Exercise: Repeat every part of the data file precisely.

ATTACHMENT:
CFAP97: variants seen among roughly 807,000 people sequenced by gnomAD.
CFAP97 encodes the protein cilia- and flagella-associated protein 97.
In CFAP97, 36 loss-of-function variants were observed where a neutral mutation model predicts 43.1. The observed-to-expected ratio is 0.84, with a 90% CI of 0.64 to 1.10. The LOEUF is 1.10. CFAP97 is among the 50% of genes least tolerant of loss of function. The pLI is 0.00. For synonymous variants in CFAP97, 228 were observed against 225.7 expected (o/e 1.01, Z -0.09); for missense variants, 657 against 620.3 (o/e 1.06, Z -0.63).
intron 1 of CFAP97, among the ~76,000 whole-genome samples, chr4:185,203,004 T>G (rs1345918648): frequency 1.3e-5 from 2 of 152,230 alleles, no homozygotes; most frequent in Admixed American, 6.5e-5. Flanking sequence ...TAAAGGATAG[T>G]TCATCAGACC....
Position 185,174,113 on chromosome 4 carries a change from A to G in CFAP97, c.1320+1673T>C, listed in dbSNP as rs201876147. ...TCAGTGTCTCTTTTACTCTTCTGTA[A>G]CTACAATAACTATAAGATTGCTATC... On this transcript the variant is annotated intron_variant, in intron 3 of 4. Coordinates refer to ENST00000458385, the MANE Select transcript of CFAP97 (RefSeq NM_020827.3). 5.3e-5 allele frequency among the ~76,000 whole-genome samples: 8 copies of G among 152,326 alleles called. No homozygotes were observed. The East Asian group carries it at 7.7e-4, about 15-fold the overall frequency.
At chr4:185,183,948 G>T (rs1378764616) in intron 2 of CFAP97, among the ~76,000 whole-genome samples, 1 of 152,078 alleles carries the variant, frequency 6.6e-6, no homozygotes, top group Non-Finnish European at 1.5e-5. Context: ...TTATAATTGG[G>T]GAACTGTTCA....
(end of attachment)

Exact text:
CFAP97: variants seen among roughly 807,000 people sequenced by gnomAD.
CFAP97 encodes the protein cilia- and flagella-associated protein 97.
In CFAP97, 36 loss-of-function variants were observed where a neutral mutation model predicts 43.1. The observed-to-expected ratio is 0.84, with a 90% CI of 0.64 to 1.10. The LOEUF is 1.10. CFAP97 is among the 50% of genes least tolerant of loss of function. The pLI is 0.00. For synonymous variants in CFAP97, 228 were observed against 225.7 expected (o/e 1.01, Z -0.09); for missense variants, 657 against 620.3 (o/e 1.06, Z -0.63).
intron 1 of CFAP97, among the ~76,000 whole-genome samples, chr4:185,203,004 T>G (rs1345918648): frequency 1.3e-5 from 2 of 152,230 alleles, no homozygotes; most frequent in Admixed American, 6.5e-5. Flanking sequence ...TAAAGGATAG[T>G]TCATCAGACC....
Position 185,174,113 on chromosome 4 carries a change from A to G in CFAP97, c.1320+1673T>C, listed in dbSNP as rs201876147. ...TCAGTGTCTCTTTTACTCTTCTGTA[A>G]CTACAATAACTATAAGATTGCTATC... On this transcript the variant is annotated intron_variant, in intron 3 of 4. Coordinates refer to ENST00000458385, the MANE Select transcript of CFAP97 (RefSeq NM_020827.3). 5.3e-5 allele frequency among the ~76,000 whole-genome samples: 8 copies of G among 152,326 alleles called. No homozygotes were observed. The East Asian group carries it at 7.7e-4, about 15-fold the overall frequency.
At chr4:185,183,948 G>T (rs1378764616) in intron 2 of CFAP97, among the ~76,000 whole-genome samples, 1 of 152,078 alleles carries the variant, frequency 6.6e-6, no homozygotes, top group Non-Finnish European at 1.5e-5. Context: ...TTATAATTGG[G>T]GAACTGTTCA....